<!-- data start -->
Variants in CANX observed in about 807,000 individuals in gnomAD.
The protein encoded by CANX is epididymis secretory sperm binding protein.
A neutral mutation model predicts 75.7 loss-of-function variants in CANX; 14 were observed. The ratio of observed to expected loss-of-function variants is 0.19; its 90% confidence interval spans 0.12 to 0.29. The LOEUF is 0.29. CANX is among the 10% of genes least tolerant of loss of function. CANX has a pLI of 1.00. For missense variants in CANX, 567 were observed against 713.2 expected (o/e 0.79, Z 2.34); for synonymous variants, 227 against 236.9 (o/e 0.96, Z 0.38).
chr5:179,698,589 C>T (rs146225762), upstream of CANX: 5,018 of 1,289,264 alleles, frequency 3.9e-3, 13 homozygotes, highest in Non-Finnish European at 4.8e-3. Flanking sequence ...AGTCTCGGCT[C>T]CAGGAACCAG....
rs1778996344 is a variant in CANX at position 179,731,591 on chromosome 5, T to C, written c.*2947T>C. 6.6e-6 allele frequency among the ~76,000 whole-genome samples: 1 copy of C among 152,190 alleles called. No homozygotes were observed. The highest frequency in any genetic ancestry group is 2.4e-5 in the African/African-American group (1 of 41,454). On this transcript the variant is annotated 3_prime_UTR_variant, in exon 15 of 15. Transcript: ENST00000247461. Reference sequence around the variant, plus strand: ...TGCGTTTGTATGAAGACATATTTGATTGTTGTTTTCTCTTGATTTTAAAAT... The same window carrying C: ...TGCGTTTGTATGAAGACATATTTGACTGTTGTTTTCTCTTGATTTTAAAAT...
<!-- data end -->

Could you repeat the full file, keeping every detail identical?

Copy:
Variants in CANX observed in about 807,000 individuals in gnomAD.
The protein encoded by CANX is epididymis secretory sperm binding protein.
A neutral mutation model predicts 75.7 loss-of-function variants in CANX; 14 were observed. The ratio of observed to expected loss-of-function variants is 0.19; its 90% confidence interval spans 0.12 to 0.29. The LOEUF is 0.29. CANX is among the 10% of genes least tolerant of loss of function. CANX has a pLI of 1.00. For missense variants in CANX, 567 were observed against 713.2 expected (o/e 0.79, Z 2.34); for synonymous variants, 227 against 236.9 (o/e 0.96, Z 0.38).
chr5:179,698,589 C>T (rs146225762), upstream of CANX: 5,018 of 1,289,264 alleles, frequency 3.9e-3, 13 homozygotes, highest in Non-Finnish European at 4.8e-3. Flanking sequence ...AGTCTCGGCT[C>T]CAGGAACCAG....
rs1778996344 is a variant in CANX at position 179,731,591 on chromosome 5, T to C, written c.*2947T>C. 6.6e-6 allele frequency among the ~76,000 whole-genome samples: 1 copy of C among 152,190 alleles called. No homozygotes were observed. The highest frequency in any genetic ancestry group is 2.4e-5 in the African/African-American group (1 of 41,454). On this transcript the variant is annotated 3_prime_UTR_variant, in exon 15 of 15. Transcript: ENST00000247461. Reference sequence around the variant, plus strand: ...TGCGTTTGTATGAAGACATATTTGATTGTTGTTTTCTCTTGATTTTAAAAT... The same window carrying C: ...TGCGTTTGTATGAAGACATATTTGACTGTTGTTTTCTCTTGATTTTAAAAT...